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No. 1 Ranking Has a Nice Ring to Reliance

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Reliance Steel and Aluminum’s senior management team rang the closing bell on the New York Stock Exchange Aug. 20 in commemoration of the service center giant’s 20th anniversary as a publicly traded company.

Reliance stock debuted at $14.50 per share at its initial public offering on Sept. 14, 1994. Twenty years and three stock splits later, shares of Reliance are trading near $70. Including quarterly dividends, shareholders have enjoyed a compound annual growth rate of 17 percent.

Few other companies have applied the growth-through-acquisition strategy more effectively than Reliance. It has bought up 58 companies since its 1994 IPO, cherry-picking the market’s strongest competitors to create a metals distribution and processing network of more than 300 locations in 39 states and 12 countries.

Not surprisingly, Reliance is once again ranked No. 1 in MCN’s Service Center Top 50, featured in this issue. With more than $9.2 billion in sales last year, Reliance is clearly taking advantage of its size and scale to continually capture more market share. Ryerson, its closest rival and less than half its size, reported 2013 revenues of $3.46 billion.

Reliance’s sales improved by 9 percent last year, but it was the exception to the rule. The Top 50’s combined revenues totaled about $51.1 billion in 2013, down 1.2 percent from the previous year. Of the 14 companies in this year’s ranking that took in over a billion dollars, only three reported a revenue gain versus 2012: Reliance, Russel and Alro. For the others, sales were flat or down.

With half of 2014 in the books, respondents to MCN’s Top 50 survey also were asked to forecast their revenues for the full year. Thirty-six of the 50 companies polled offered a prediction. On average, they anticipate nearly a 12 percent improvement over 2013 sales, which indicates a high level of optimism at the midyear point. Market conditions remain highly unpredictable, however, and the 14 large companies that opted not to share a forecast represent more than half the Top 50’s total volume. So the prospect of a double-digit gain for the industry this year may be overly optimistic. But a single-digit gain seems almost certain, given the economy’s momentum.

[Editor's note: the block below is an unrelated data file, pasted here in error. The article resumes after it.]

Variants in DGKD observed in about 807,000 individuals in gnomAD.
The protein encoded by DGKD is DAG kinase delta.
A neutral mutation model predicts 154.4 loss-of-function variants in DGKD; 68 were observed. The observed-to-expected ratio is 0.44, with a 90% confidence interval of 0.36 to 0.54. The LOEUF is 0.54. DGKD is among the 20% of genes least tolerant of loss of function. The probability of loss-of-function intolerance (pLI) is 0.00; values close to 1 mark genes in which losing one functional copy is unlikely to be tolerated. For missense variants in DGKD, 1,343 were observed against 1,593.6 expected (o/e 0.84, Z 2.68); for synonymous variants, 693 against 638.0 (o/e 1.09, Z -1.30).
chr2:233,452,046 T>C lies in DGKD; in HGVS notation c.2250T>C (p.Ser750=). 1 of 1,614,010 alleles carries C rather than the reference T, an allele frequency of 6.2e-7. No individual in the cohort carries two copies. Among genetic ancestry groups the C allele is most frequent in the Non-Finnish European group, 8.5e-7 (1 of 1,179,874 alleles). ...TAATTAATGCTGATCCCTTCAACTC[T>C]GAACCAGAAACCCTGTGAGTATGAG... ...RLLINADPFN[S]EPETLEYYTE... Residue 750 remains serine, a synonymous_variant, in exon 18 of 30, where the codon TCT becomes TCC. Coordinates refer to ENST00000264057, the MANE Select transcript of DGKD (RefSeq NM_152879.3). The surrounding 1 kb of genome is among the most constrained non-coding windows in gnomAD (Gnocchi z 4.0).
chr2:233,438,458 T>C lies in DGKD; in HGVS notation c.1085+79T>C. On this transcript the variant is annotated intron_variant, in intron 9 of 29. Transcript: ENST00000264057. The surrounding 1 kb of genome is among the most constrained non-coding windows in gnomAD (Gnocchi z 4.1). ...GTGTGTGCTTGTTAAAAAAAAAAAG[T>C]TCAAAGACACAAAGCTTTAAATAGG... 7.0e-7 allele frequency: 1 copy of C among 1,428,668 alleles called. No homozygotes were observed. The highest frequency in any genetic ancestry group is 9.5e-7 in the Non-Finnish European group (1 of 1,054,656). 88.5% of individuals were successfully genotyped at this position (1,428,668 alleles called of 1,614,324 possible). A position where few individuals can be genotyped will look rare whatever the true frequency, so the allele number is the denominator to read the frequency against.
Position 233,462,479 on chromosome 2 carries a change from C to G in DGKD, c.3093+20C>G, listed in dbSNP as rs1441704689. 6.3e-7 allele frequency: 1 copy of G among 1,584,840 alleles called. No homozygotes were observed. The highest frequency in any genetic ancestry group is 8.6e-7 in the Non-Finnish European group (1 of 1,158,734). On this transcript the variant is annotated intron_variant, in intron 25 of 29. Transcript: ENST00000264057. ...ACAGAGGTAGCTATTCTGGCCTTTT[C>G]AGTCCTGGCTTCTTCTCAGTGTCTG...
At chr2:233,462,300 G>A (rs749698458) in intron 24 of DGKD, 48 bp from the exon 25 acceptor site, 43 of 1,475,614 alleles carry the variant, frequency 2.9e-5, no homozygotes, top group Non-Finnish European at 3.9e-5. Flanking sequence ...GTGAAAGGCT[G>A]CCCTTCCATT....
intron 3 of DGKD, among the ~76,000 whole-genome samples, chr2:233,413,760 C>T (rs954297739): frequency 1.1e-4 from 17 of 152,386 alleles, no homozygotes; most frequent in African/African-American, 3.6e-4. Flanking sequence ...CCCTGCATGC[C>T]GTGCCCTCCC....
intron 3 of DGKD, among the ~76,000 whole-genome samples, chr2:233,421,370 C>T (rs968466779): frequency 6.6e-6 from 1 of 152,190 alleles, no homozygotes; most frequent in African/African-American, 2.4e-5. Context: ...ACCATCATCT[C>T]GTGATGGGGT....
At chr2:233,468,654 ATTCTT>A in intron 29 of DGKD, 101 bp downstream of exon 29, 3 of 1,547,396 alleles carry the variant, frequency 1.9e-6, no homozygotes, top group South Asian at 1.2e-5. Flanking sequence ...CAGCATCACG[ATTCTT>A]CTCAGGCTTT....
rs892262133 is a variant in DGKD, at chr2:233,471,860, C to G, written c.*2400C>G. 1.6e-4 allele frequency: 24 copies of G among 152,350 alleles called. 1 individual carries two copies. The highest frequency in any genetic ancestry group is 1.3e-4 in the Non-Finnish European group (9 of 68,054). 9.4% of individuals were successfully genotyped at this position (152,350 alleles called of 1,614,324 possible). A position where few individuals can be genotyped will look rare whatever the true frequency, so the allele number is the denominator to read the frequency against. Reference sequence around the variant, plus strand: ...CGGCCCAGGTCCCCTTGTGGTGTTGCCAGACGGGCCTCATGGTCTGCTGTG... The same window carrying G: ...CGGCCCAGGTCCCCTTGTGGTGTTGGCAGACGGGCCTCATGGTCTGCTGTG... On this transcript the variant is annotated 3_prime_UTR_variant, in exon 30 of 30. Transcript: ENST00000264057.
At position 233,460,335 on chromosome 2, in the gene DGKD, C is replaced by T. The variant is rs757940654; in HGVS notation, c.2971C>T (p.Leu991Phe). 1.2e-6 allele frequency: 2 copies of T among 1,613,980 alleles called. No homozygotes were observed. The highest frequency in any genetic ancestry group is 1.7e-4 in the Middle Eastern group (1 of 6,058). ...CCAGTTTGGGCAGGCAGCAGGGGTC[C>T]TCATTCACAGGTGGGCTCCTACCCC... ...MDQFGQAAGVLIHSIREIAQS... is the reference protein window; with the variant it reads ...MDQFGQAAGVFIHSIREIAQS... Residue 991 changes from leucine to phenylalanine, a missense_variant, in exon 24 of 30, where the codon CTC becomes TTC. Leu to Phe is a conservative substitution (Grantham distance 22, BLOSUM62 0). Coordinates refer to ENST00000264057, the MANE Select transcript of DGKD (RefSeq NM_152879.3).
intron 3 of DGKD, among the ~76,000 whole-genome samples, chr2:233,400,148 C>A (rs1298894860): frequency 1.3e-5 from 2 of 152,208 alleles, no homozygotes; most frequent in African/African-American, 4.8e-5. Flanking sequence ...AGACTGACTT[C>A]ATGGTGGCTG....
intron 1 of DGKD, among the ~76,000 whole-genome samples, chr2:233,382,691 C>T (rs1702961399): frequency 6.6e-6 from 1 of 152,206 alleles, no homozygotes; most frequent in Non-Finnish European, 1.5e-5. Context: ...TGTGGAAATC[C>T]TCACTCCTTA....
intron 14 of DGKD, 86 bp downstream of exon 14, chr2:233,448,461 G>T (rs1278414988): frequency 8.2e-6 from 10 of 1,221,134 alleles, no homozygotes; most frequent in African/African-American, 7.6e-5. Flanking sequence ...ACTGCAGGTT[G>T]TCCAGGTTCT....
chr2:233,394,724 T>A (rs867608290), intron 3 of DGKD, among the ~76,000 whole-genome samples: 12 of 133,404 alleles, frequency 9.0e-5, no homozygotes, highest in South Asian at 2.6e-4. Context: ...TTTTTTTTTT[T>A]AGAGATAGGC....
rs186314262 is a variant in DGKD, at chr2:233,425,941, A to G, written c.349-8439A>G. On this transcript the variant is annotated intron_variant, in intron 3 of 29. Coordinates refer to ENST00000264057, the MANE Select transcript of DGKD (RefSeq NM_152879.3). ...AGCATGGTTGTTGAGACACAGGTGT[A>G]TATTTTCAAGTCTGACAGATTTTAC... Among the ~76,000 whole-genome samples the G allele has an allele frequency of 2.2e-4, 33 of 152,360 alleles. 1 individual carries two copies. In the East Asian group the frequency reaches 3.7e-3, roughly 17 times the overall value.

Of course, sales revenue is not the only gauge of success. Profitability is the ultimate measure. While privately held companies will rarely discuss their earnings, it’s entirely possible that many service centers outside the Top 50 are just as “successful” in terms of margin percentage.

Despite the notoriety of market leaders like Reliance and the others in the Top 50, and all the smaller players they have acquired over the years, it’s still the thousands of small, independent, family-owned service centers that command the majority of the metals distribution market.

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